In addition to the basic images that allow you to install support for programming languages, UBIs include pre-assembled images with ready-made execution environments for a number of programming languages. Many developers can simply take an image and start working on the application that they are developing.
With the launch of UBI, Red Hat offers two sets of images - based on RHEL 7 and based on RHEL 8. They are based on, respectively, Red Hat Software Collections (RHEL 7) and Application Streams (RHEL 8). These runtimes are up to date and receive up to four updates per year as standard, so there is always the opportunity to work with the most recent and stable versions.
Here is a list of UBI 7 container images:
Here is a list of container images for UBI 8:
Using ready-made images is really very convenient. Red Hat maintains their relevance and updates them with the release of a new version of RHEL, as well as when CVE updates appear in accordance with the update policy. RHEL image policy
so that you can take one of these images and immediately start working on the application.
But sometimes when creating an application you may suddenly need some kind of additional package. Or, sometimes, to make an application work, you need to update a particular package. That is why UBI images come with a set of RPMs that are available through yum, and which are distributed through a fast and highly available content delivery network (you need a package!). When you run the yum update on your CI/CD at that critical moment of release, you can be sure it will work.
RHEL is the foundation
We do not get tired of repeating that RHEL is the basis of everything. Do you know what teams in Red Hat are working on creating base images? For example, these:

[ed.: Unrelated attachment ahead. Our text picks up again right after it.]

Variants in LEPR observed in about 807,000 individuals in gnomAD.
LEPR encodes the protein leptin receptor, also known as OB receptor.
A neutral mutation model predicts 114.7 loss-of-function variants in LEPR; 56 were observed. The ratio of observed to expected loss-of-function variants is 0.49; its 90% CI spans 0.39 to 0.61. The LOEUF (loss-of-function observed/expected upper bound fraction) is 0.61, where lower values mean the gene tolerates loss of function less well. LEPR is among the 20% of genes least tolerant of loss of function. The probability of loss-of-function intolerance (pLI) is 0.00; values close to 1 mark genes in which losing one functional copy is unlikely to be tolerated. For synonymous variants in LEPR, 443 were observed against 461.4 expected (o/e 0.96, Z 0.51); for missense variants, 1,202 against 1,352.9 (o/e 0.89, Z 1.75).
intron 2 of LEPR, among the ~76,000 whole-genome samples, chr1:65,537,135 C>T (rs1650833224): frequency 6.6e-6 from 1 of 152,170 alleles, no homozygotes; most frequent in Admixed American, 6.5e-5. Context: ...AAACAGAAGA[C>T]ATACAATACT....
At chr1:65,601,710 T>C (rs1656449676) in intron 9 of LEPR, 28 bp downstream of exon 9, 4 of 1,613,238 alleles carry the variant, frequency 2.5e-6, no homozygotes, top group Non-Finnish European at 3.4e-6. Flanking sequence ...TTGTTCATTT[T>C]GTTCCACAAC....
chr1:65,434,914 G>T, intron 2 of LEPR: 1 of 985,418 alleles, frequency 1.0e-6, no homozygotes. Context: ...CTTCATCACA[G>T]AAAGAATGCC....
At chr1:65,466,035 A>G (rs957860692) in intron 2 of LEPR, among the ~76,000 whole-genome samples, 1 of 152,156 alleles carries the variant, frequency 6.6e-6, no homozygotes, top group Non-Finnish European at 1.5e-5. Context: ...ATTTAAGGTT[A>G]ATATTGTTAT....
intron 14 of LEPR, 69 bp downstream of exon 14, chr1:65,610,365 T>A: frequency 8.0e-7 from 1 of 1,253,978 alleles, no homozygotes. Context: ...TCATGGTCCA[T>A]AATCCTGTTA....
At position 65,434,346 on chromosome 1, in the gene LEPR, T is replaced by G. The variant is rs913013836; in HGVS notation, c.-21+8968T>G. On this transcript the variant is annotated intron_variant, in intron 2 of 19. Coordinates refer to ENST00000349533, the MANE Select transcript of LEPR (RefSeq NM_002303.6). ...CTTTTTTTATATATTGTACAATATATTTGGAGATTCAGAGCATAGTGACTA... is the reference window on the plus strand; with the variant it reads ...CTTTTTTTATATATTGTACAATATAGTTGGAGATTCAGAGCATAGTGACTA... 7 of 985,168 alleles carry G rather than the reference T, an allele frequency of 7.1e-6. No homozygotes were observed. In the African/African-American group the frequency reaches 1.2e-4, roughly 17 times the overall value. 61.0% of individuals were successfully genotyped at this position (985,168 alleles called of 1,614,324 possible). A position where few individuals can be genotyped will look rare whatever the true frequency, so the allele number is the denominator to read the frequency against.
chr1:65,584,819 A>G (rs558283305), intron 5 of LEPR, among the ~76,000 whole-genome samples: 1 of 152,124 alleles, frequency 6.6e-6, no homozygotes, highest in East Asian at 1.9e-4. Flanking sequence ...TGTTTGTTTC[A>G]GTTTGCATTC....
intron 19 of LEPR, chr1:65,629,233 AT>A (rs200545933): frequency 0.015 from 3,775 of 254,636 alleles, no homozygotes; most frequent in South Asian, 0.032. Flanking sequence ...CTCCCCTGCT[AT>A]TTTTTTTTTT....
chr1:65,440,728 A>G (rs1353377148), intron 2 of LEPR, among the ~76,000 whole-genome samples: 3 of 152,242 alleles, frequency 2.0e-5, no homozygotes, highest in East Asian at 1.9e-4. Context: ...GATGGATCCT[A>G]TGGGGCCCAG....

- The engineering and technical team responsible for ensuring that core libraries such as glibc and OpenSSL, as well as language runtimes such as Python and Ruby, provide stable performance and work reliably with workloads when used in containers.
- The product safety team is engaged in timely correction of errors and security issues in libraries and language environments, their performance is assessed using a special index Container Health Index grade .
- The team of product managers and engineers is engaged in adding new features and provide a long product life cycle, which gives confidence in the investments that can be used as a basis.
Red Hat Enterprise Linux acts as a great host and container image, but for many developers it’s important to be able to work with the system in a wide variety of formats, some of which may go beyond the supported use cases for Linux. And here universal UBI images come to the rescue.
Suppose, right now, at this stage, you're just looking for a basic image to start working on a simple, containerized application. Or are you closer to the future and are moving from stand-alone containers running on a container engine to cloud-native stories using building and certifying Operators working on OpenShift. In any case, UBI will provide an excellent basis for this.
Containers include a lightweight version of the user space of the operating system in a new packaging format. The release of UBI images sets a new industry standard for containerized development, with enterprise-class containers becoming available to any users, independent software developers, open source communities. In particular, software developers can standardize their products using a single, proven foundation for all their containerized applications, including Kubernetes Operators
. Developing companies using UBI also have Red Hat Container Certification and Red Hat OpenShift Operator Certification certification, and this in turn allows you to continuously verify software running on Red Hat platforms, such as OpenShift.
How to start working with the image
In short - very simple. Podman is available not only on RHEL, but also on Fedora, CentOS, and several other Linux distributions. All you need to do is unload the image from one of the following repositories, and go ahead.
For Ubi 8:
podman pull registry.access.redhat.com/ubi8/ubi
podman pull registry.access.redhat.com/ubi8/ubi-minimal
podman pull registry.access.redhat.com/ubi8/ubi-init
For Ubi 7:
podman pull registry.access.redhat.com/ubi7/ubi
podman pull registry.access.redhat.com/ubi7/ubi-minimal
podman pull registry.access.redhat.com/ubi7/ubi-init
Well and see the full Universal Base Image Guide